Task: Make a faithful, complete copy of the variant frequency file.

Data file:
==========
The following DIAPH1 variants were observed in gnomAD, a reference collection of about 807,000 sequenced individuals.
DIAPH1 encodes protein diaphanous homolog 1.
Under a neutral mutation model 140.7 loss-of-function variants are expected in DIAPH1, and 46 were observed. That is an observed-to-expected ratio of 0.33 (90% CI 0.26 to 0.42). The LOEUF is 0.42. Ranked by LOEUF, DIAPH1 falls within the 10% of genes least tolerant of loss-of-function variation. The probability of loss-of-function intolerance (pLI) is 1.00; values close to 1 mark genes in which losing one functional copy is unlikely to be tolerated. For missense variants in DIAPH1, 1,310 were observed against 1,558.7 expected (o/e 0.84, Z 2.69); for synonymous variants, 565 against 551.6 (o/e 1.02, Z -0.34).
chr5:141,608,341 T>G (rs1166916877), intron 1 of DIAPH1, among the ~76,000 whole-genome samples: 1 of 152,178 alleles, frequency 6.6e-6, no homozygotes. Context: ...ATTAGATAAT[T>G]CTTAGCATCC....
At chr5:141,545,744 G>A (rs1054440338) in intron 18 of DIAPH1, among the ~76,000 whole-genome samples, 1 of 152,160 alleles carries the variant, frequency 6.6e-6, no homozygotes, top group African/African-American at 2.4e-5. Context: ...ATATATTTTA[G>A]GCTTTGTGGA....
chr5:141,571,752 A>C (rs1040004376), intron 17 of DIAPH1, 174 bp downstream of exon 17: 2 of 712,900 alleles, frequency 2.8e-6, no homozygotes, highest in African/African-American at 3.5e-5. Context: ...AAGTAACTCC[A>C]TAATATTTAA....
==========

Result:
The following DIAPH1 variants were observed in gnomAD, a reference collection of about 807,000 sequenced individuals.
DIAPH1 encodes protein diaphanous homolog 1.
Under a neutral mutation model 140.7 loss-of-function variants are expected in DIAPH1, and 46 were observed. That is an observed-to-expected ratio of 0.33 (90% CI 0.26 to 0.42). The LOEUF is 0.42. Ranked by LOEUF, DIAPH1 falls within the 10% of genes least tolerant of loss-of-function variation. The probability of loss-of-function intolerance (pLI) is 1.00; values close to 1 mark genes in which losing one functional copy is unlikely to be tolerated. For missense variants in DIAPH1, 1,310 were observed against 1,558.7 expected (o/e 0.84, Z 2.69); for synonymous variants, 565 against 551.6 (o/e 1.02, Z -0.34).
chr5:141,608,341 T>G (rs1166916877), intron 1 of DIAPH1, among the ~76,000 whole-genome samples: 1 of 152,178 alleles, frequency 6.6e-6, no homozygotes. Context: ...ATTAGATAAT[T>G]CTTAGCATCC....
At chr5:141,545,744 G>A (rs1054440338) in intron 18 of DIAPH1, among the ~76,000 whole-genome samples, 1 of 152,160 alleles carries the variant, frequency 6.6e-6, no homozygotes, top group African/African-American at 2.4e-5. Context: ...ATATATTTTA[G>A]GCTTTGTGGA....
chr5:141,571,752 A>C (rs1040004376), intron 17 of DIAPH1, 174 bp downstream of exon 17: 2 of 712,900 alleles, frequency 2.8e-6, no homozygotes, highest in African/African-American at 3.5e-5. Context: ...AAGTAACTCC[A>C]TAATATTTAA....